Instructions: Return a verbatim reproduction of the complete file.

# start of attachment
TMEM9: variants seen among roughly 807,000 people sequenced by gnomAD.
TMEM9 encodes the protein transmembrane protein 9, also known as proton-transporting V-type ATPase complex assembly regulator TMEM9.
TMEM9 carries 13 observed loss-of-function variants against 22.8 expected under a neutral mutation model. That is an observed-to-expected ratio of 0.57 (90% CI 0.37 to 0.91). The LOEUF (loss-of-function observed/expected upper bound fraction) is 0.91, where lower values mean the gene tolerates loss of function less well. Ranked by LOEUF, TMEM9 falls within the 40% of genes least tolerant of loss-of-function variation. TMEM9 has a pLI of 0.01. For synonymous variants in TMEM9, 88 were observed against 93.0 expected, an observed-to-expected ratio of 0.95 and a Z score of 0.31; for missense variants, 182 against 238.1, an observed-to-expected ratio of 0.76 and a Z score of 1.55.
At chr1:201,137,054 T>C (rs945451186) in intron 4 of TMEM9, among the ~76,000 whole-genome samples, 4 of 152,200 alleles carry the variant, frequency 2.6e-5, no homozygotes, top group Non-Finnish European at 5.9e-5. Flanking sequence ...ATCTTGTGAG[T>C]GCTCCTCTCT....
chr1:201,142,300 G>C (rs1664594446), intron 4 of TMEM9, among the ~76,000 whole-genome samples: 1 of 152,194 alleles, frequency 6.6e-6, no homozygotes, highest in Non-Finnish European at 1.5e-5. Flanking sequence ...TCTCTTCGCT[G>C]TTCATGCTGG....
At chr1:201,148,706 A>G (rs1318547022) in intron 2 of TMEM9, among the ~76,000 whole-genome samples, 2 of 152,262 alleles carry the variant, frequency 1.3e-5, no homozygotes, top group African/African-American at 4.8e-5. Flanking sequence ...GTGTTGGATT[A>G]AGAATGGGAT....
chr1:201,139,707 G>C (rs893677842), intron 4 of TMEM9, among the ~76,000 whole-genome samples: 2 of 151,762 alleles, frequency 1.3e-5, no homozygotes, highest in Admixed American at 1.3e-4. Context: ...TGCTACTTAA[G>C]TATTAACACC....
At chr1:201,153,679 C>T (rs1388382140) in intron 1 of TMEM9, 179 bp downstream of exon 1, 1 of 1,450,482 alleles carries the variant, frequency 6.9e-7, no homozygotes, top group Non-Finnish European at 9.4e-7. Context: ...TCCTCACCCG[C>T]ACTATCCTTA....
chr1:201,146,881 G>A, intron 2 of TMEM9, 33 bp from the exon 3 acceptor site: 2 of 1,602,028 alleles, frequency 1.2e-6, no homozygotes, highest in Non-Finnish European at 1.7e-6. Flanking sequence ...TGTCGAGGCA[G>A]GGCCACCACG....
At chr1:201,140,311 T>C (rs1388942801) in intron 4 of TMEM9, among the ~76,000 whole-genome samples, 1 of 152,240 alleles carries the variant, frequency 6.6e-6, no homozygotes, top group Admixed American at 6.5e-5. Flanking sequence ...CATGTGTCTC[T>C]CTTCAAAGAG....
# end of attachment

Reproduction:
TMEM9: variants seen among roughly 807,000 people sequenced by gnomAD.
TMEM9 encodes the protein transmembrane protein 9, also known as proton-transporting V-type ATPase complex assembly regulator TMEM9.
TMEM9 carries 13 observed loss-of-function variants against 22.8 expected under a neutral mutation model. That is an observed-to-expected ratio of 0.57 (90% CI 0.37 to 0.91). The LOEUF (loss-of-function observed/expected upper bound fraction) is 0.91, where lower values mean the gene tolerates loss of function less well. Ranked by LOEUF, TMEM9 falls within the 40% of genes least tolerant of loss-of-function variation. TMEM9 has a pLI of 0.01. For synonymous variants in TMEM9, 88 were observed against 93.0 expected, an observed-to-expected ratio of 0.95 and a Z score of 0.31; for missense variants, 182 against 238.1, an observed-to-expected ratio of 0.76 and a Z score of 1.55.
At chr1:201,137,054 T>C (rs945451186) in intron 4 of TMEM9, among the ~76,000 whole-genome samples, 4 of 152,200 alleles carry the variant, frequency 2.6e-5, no homozygotes, top group Non-Finnish European at 5.9e-5. Flanking sequence ...ATCTTGTGAG[T>C]GCTCCTCTCT....
chr1:201,142,300 G>C (rs1664594446), intron 4 of TMEM9, among the ~76,000 whole-genome samples: 1 of 152,194 alleles, frequency 6.6e-6, no homozygotes, highest in Non-Finnish European at 1.5e-5. Flanking sequence ...TCTCTTCGCT[G>C]TTCATGCTGG....
At chr1:201,148,706 A>G (rs1318547022) in intron 2 of TMEM9, among the ~76,000 whole-genome samples, 2 of 152,262 alleles carry the variant, frequency 1.3e-5, no homozygotes, top group African/African-American at 4.8e-5. Flanking sequence ...GTGTTGGATT[A>G]AGAATGGGAT....
chr1:201,139,707 G>C (rs893677842), intron 4 of TMEM9, among the ~76,000 whole-genome samples: 2 of 151,762 alleles, frequency 1.3e-5, no homozygotes, highest in Admixed American at 1.3e-4. Context: ...TGCTACTTAA[G>C]TATTAACACC....
At chr1:201,153,679 C>T (rs1388382140) in intron 1 of TMEM9, 179 bp downstream of exon 1, 1 of 1,450,482 alleles carries the variant, frequency 6.9e-7, no homozygotes, top group Non-Finnish European at 9.4e-7. Context: ...TCCTCACCCG[C>T]ACTATCCTTA....
chr1:201,146,881 G>A, intron 2 of TMEM9, 33 bp from the exon 3 acceptor site: 2 of 1,602,028 alleles, frequency 1.2e-6, no homozygotes, highest in Non-Finnish European at 1.7e-6. Flanking sequence ...TGTCGAGGCA[G>A]GGCCACCACG....
At chr1:201,140,311 T>C (rs1388942801) in intron 4 of TMEM9, among the ~76,000 whole-genome samples, 1 of 152,240 alleles carries the variant, frequency 6.6e-6, no homozygotes, top group Admixed American at 6.5e-5. Flanking sequence ...CATGTGTCTC[T>C]CTTCAAAGAG....